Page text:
Mittwoch, 15. Juli 2009

German Pensions

According to press reports, "experts" of the Deutsche Rentenversicherung have calculated that Germany's public pension system is not in fact a bad deal for the contributors.

Specifically, an average income-earner retiring between 2030 and 2040 will receive a return of 2.8 % (male) / 3.3 % (female) on the contributions made.

Sounds decent.

The catch:

Nobody tells us what the assumptions are. And the assumptions (inflation, real income growth, number of contributors, taxpayer subsidies) are crucial. The calculation results are completely meaningless without knowing the assumptions.

I tried to find the study on the website of Deutsche Rentenversicherung, but it doesn't seem to be there. Or maybe they are hiding it in some obscure corner of the website.


  1. Understanding how they arrive at that number, would be interesting. I would guess that especially the social components of the insurance contribute to the positive ROI. E.g., a woman giving birth to a child would obviously has a far better ROI than in a normal life insurance, as she doesn't "pay" for the return she receives.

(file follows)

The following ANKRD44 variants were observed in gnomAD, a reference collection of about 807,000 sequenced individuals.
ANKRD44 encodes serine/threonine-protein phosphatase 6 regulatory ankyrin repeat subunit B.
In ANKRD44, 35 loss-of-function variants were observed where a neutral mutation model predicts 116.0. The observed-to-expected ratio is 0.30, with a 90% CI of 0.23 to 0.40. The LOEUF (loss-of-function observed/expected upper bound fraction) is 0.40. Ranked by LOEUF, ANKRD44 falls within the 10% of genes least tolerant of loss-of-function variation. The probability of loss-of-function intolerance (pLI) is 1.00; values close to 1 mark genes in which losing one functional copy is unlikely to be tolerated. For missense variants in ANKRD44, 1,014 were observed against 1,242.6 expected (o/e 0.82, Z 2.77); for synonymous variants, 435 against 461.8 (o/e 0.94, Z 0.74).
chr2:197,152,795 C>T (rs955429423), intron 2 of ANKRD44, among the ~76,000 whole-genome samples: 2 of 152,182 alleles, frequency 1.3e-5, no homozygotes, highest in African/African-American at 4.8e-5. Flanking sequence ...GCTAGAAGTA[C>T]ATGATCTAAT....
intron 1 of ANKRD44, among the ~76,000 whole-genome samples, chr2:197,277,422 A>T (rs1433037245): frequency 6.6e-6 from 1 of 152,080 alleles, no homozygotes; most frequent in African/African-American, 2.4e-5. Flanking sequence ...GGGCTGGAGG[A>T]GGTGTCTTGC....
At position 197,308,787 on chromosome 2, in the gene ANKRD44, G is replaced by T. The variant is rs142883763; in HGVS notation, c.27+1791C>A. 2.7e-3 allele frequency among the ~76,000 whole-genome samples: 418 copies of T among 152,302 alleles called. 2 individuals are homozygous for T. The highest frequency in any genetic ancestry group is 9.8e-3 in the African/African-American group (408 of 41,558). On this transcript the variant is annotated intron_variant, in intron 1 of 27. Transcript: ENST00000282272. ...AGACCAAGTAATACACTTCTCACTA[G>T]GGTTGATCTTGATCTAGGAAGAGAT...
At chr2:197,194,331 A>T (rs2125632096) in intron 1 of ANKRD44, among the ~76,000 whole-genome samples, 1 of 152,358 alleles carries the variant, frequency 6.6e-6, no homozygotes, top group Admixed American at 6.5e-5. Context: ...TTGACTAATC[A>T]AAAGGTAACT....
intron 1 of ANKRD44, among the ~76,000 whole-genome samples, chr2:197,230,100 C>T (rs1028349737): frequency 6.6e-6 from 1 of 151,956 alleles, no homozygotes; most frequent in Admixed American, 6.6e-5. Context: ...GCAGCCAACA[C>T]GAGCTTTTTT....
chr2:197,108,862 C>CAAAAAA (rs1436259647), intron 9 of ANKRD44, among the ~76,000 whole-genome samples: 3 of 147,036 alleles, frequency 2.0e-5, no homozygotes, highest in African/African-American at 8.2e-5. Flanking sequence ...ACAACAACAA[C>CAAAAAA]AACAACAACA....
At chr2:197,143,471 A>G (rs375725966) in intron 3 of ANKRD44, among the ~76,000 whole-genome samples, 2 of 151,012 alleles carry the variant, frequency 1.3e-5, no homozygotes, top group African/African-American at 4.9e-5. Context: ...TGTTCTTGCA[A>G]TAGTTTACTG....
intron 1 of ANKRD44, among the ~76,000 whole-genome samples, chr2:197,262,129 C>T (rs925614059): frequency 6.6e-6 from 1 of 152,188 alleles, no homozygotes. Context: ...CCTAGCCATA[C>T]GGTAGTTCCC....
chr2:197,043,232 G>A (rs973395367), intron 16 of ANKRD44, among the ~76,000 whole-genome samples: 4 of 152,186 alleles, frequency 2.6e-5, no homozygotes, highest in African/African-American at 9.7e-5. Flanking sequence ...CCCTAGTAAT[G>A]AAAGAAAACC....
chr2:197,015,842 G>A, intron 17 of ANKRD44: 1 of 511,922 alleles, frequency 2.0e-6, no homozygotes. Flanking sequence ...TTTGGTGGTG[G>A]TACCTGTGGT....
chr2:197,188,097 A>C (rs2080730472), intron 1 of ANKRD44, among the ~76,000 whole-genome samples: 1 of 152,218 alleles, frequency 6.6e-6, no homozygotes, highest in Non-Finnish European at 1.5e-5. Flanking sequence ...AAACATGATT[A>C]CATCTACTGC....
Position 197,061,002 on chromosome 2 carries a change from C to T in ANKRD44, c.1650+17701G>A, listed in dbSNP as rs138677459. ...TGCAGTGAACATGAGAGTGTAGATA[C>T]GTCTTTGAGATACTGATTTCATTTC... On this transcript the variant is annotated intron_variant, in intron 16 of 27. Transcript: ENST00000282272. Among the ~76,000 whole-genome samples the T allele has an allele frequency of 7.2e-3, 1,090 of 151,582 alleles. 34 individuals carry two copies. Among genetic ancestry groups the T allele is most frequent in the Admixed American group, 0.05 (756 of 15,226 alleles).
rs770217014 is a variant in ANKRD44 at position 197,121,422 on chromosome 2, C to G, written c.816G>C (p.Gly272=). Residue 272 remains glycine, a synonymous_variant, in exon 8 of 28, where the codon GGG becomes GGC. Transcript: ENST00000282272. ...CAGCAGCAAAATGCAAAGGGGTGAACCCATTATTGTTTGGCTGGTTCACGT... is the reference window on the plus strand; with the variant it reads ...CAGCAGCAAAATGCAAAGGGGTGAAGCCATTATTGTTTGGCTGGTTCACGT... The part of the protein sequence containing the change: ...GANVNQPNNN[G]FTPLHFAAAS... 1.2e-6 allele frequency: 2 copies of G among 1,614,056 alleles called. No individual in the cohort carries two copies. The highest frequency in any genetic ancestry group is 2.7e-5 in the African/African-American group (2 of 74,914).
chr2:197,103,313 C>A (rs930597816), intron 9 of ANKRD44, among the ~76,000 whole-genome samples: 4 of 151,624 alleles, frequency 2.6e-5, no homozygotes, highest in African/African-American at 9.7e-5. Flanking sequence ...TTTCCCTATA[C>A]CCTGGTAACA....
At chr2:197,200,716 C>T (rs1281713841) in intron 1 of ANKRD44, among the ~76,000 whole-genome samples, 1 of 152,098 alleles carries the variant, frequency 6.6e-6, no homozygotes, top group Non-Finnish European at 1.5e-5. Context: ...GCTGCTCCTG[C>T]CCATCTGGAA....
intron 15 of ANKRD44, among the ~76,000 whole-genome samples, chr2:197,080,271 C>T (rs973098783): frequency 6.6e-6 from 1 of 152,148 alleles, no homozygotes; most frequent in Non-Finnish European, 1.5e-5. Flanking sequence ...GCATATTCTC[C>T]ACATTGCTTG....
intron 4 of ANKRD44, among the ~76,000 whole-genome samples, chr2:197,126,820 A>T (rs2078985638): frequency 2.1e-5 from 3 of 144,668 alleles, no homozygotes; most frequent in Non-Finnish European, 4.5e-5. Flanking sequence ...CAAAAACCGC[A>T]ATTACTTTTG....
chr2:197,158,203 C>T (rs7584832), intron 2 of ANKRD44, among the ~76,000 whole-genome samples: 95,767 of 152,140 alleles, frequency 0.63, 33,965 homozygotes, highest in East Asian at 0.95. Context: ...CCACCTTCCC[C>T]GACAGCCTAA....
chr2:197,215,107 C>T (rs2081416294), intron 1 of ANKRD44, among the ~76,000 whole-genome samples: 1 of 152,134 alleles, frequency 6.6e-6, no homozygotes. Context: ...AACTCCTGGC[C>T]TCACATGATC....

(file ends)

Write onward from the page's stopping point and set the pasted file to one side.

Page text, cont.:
Well, I will write a post on the pension issue myself. ;)

  2. Well, depends.... a woman giving births has a negative ROI on the child investment.... at least in monetary terms. Bringing up a child is connected with very high costs. My children easily cost a flat (each).

  3. The ROI would be calculated based on the "money" you spend on the pension. When you take time off (e.g. give birth), you dont contribute any money to your pension. However, the state pension counts that time as contribution. So you get a very good ROI.

  4. True. In terms of looking at the financial return earned on the pension contribution only, having children helps. Not sure if the effect is big though, considering the length of a working life. Unless she has lots of kids.